Rhaglen ddogfen sy'n olrhain hanes straeon enwocaf Cymru, Pedair Cainc y Mabinogi. To coincide with the Wales Year of Legends, another chance to see this 2003 documentary on the...
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-The Welsh have
-an unique collection of stories.
-Stories which are rooted deep in
-our nation's imagination and memory.
-Stories about places
-we are familiar with today.
-But they deal with characters
-from a long time ago.
-In these stories,
-the other world meets this world.
-There is revenge, warfare
-and terrible violence...
-..and events that seem almost
-beyond imagination today.
-People are transformed
-into birds and animals.
-These stories have been passed down
-orally through the ages...
-..and recorded in manuscripts.
-They are still told today.
-They have inspired poets,
-playwrights and film makers.
-This is the world of the
-Four Branches of the Mabinogi.
-The First Branch of the Mabinogi
-concerns Pwyll, Prince of Dyfed.
-It tells of Pwyll's
-..of a bridge between this world
-and the Underworld...
-..of dishonour and making amends,
-..and the relationship
-between Pwyll and Rhiannon.
-Pwyll is the Prince of Dyfed.
-Locations mentioned in the tale
-have a strong element of mystery.
-But where are these locations?
-This is Narberth Castle
-Could this have been the site
-of Pwyll's court?
-The court is central to the events
-in the First and Third Branches.
-Did the feasting, carousing
-and discoursing take place here?
-The Throne of Narberth is mentioned
-in the First Branch.
-Whoever sits on this Throne...
-..will either see wonders,
-or receive an injury or a wound.
-Was Pwyll sitting
-somewhere around here...
-..when he saw Rhiannon galloping
-down the valley on her white horse?
-His manservant failed
-to catch up with her...
-..so Pwyll himself called on her
-to stop, which she did.
-There's a strong element
-of enchantment in all the Branches.
-Very strange things happen.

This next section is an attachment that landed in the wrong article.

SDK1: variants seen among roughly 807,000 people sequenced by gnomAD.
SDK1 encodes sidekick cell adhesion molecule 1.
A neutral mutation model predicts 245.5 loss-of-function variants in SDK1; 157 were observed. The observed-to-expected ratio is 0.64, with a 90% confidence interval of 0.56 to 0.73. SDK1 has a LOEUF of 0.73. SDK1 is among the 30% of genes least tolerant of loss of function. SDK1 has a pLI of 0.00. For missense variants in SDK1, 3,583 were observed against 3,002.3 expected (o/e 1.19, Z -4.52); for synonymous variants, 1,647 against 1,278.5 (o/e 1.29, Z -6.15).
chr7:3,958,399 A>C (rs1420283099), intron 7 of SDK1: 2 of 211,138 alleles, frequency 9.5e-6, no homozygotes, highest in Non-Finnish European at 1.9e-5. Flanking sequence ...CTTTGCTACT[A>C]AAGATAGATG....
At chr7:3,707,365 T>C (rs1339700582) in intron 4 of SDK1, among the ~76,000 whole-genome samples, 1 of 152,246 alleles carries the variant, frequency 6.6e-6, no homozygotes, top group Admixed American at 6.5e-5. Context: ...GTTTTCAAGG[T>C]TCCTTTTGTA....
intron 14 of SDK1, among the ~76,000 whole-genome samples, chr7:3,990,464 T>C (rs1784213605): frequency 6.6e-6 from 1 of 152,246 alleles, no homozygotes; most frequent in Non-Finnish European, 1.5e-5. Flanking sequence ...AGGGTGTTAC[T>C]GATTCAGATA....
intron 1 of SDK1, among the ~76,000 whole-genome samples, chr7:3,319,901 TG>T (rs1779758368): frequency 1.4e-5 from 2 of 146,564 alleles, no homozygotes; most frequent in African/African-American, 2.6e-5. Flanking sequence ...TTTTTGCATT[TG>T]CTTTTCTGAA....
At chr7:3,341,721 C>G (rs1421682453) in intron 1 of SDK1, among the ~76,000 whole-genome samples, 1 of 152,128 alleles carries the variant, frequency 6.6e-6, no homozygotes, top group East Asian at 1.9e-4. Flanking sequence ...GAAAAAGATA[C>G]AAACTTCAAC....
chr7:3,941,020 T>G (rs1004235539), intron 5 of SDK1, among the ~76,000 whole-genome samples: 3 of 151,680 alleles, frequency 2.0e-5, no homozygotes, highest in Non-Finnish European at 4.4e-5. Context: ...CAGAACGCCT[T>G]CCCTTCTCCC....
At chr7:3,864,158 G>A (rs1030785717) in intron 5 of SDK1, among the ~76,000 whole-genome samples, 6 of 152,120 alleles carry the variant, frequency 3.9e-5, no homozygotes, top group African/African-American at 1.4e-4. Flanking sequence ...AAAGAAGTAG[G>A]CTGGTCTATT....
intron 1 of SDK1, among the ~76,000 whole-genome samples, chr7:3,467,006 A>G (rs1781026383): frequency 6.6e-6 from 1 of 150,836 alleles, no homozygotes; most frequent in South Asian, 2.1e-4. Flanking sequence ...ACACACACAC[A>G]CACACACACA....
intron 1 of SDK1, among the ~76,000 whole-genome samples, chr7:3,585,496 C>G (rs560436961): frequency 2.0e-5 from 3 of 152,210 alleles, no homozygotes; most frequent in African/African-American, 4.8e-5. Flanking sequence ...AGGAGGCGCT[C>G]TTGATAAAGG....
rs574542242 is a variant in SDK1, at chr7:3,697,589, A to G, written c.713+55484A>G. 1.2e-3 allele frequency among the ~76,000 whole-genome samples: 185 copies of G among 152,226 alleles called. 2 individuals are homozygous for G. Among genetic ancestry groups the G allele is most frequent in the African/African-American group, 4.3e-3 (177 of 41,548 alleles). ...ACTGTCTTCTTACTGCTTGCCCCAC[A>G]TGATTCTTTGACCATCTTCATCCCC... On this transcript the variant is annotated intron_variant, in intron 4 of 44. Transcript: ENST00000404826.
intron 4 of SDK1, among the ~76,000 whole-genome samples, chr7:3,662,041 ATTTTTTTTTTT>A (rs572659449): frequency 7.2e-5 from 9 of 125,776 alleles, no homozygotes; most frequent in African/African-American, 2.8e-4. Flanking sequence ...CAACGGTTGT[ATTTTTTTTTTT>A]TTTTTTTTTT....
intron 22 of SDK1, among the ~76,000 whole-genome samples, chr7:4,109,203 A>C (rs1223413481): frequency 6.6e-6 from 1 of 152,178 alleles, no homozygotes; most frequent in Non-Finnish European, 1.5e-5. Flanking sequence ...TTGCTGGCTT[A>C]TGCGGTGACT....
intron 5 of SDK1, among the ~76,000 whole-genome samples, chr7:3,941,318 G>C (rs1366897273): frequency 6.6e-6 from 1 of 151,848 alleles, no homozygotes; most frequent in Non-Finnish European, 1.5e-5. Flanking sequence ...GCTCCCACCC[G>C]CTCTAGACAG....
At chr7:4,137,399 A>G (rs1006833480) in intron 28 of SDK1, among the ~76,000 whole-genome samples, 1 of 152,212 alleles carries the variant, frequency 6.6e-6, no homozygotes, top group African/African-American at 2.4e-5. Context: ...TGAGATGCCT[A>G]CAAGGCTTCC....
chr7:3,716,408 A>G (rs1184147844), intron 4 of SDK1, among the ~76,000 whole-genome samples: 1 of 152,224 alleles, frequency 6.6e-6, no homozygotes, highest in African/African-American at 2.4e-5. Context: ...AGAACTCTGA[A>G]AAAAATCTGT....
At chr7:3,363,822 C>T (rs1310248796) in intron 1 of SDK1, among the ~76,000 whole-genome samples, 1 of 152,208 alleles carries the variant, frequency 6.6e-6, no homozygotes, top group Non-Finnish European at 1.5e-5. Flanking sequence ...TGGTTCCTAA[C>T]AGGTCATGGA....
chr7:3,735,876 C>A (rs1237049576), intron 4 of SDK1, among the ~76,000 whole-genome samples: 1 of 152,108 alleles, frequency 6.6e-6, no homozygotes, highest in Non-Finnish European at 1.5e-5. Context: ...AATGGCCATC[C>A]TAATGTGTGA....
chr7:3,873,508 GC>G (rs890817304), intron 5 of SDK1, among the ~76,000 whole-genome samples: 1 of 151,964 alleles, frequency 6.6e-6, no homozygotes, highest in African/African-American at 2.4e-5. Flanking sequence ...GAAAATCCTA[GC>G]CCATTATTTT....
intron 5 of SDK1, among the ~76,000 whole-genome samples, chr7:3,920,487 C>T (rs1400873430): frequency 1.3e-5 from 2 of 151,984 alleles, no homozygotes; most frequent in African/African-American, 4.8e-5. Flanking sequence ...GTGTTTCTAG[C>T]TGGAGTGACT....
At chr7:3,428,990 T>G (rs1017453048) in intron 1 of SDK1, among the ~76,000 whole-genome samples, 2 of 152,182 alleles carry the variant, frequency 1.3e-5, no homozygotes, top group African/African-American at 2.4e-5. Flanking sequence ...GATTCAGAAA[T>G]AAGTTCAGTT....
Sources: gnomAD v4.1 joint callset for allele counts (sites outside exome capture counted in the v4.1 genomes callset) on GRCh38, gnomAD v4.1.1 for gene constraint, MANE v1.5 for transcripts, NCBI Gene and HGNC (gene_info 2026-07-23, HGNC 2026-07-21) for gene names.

-But people didn't say
-that such things were impossible...
-..for the simple reason...
-..that enchantment in ages past, and
-in the Middle Ages to some extent...
-..was a way of influencing
-the course of events.
-Today, most of us believe
-such things can't happen...
-..and that magical powers are, to
-us, basically, a matter of science.
-Science is the thing
-that can change the world.
-Narberth Castle may indeed have been
-the location of Pwyll's court.
-But what about this place, Caerau
-Gaer, two miles outside Narberth?
-There are remains
-of an old fortress here.
-Who knows? Perhaps this was
-where Pwyll stood...
-..when he suddenly saw Rhiannon
-galloping across the landscape...
-..on her white horse.
-Glyn Cuch is one of the
-first locations we encounter...
-..in the Four Branches.
-Glyn Cuch lies south
-of Newcastle Emlyn...
-..on the boundary between
-Pembrokeshire and Carmarthenshire.
-It also serves as a boundary between
-this world and the Underworld.
-HOUNDS BARK, A HUNTING HORN SOUNDS
-Pwyll hunts deer here
-with his hounds...
-..when he meets Arawn,
-King of the Underworld.
-He insults Arawn, and so he must
-change places with him for a year.
-The hunting theme is very important
-in the Mabinogi.
-A white boar is hunted
-in the Third Branch.
-Rhiannon herself is 'stalked'
-when Pwyll follows her.
-The Four Branches of the Mabinogi,
-more than any other legends...
-..are based on Celtic mythology.
-There are strong echoes
-of Celtic mythology.